Funders urged to support small charities to experiment with technology

18 Jun 2019 News

Small charities want to make better use of technology in their services but lack the time and money to experiment with new tools, according to a report published today. 

The Institute for Voluntary Action Research (IVAR) and the Centre for Acceleration of Social Technology (CAST) have today published a report looking at the experiences of small charities and technology to coincide with Small Charities Week. 

Start somewhere: An exploratory study into making technology imaginable and usable for small voluntary organisations concludes that smaller charities are willing to embrace change, but are held back by a lack of time and resources. 

Researchers surveyed 72 charities and carried out a number of in-depth interviews. 

Just over half of respondents said that they “lack time” to research and test new technology, even though most thought it would benefit their charity. 

IVAR and CAST are now calling on funders to think about how they could support small charities to experiment with technology.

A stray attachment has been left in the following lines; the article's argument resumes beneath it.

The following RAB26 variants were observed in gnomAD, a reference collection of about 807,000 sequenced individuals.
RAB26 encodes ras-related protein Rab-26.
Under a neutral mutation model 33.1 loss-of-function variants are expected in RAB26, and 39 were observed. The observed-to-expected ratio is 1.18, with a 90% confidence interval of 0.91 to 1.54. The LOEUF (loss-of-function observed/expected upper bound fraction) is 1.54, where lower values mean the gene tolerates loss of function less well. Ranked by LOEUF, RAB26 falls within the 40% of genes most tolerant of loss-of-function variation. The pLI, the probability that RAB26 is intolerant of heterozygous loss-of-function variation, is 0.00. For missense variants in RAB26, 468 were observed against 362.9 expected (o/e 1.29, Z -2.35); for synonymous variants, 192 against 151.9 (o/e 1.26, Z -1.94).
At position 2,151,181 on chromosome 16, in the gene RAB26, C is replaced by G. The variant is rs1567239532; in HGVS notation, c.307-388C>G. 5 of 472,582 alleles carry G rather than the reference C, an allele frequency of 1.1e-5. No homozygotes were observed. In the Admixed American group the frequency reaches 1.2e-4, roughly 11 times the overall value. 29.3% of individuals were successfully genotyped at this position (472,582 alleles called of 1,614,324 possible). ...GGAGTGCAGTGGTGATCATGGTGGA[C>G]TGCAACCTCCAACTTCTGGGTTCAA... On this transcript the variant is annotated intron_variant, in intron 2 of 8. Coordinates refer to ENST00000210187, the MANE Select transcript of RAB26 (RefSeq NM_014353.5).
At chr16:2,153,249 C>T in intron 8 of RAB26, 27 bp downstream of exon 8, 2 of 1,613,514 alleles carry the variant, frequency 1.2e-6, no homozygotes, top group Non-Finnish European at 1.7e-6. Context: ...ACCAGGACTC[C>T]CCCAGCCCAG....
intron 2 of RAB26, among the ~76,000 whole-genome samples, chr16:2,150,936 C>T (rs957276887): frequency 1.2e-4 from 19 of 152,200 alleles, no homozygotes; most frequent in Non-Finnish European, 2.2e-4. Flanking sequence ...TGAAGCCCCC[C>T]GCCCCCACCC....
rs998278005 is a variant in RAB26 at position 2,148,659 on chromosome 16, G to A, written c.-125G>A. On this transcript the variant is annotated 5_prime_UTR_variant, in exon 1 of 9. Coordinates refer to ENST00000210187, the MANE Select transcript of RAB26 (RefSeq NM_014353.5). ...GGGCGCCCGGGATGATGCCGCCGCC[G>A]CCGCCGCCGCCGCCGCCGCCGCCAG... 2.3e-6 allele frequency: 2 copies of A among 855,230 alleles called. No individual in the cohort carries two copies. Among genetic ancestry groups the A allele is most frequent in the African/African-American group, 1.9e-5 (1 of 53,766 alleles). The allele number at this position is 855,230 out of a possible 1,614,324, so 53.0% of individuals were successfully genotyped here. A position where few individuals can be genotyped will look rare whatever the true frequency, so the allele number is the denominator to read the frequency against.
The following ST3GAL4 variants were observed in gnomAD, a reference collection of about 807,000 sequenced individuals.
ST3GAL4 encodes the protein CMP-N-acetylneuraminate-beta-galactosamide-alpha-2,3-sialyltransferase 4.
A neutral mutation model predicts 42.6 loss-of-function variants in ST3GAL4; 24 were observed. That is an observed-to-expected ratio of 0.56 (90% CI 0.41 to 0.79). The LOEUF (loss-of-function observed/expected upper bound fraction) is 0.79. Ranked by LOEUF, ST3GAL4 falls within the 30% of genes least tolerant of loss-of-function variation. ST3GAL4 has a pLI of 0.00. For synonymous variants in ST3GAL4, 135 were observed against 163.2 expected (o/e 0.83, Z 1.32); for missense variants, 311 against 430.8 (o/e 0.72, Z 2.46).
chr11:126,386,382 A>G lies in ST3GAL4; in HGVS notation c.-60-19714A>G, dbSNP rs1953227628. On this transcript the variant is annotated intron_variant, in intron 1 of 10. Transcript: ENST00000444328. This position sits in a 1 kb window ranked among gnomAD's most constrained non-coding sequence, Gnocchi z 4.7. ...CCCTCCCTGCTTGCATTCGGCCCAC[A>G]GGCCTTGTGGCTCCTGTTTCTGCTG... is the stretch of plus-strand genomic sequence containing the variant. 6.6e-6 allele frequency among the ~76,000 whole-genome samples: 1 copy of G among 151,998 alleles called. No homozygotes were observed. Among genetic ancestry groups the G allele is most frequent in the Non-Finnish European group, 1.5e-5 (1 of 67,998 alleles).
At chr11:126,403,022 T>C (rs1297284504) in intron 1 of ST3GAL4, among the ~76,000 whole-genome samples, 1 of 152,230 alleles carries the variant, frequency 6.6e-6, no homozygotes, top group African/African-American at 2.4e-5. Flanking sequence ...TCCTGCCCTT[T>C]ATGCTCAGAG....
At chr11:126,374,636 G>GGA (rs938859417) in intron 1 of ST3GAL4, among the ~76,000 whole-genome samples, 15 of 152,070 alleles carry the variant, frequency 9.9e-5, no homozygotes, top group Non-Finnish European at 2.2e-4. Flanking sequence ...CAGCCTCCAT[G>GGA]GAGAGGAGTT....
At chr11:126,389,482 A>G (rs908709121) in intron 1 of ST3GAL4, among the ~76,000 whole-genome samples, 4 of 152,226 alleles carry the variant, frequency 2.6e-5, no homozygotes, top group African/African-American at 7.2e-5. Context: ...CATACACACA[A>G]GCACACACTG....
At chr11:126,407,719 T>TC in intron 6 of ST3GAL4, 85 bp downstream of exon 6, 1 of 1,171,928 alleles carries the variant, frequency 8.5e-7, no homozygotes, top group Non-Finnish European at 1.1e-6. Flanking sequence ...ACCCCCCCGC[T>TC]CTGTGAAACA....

Dan Sutch, director of CAST, said: “We found high levels of willingness and enthusiasm to engage, however for a small voluntary organisation barriers prevail, the most significant appearing to be lack of time to learn how to practically implement and use technology. As part of Small Charity Week we are saying start somewhere and don’t do too much at once, as this gives a low-risk way to test and develop new ways of working – test, review, repeat.”

Ben Cairns, director at IVAR, added: ““Funders have the power to give small voluntary organisations the time they need to develop a digital culture that is right for them. We would like to see more trusts and foundations offering long-term core funding to create space for experimentation so charities can work out what ‘tech’ means to them.”

Five top tips

Researchers identified five key bits of advice for smaller charities:

  1. Start somewhere and don’t be disheartened if it goes wrong
  2. Focus on the problem you’re trying to solve
  3. Time-bound tests of the technology and then review
  4. Don’t reinvent the wheel
  5. Embed learning into the day-to-day
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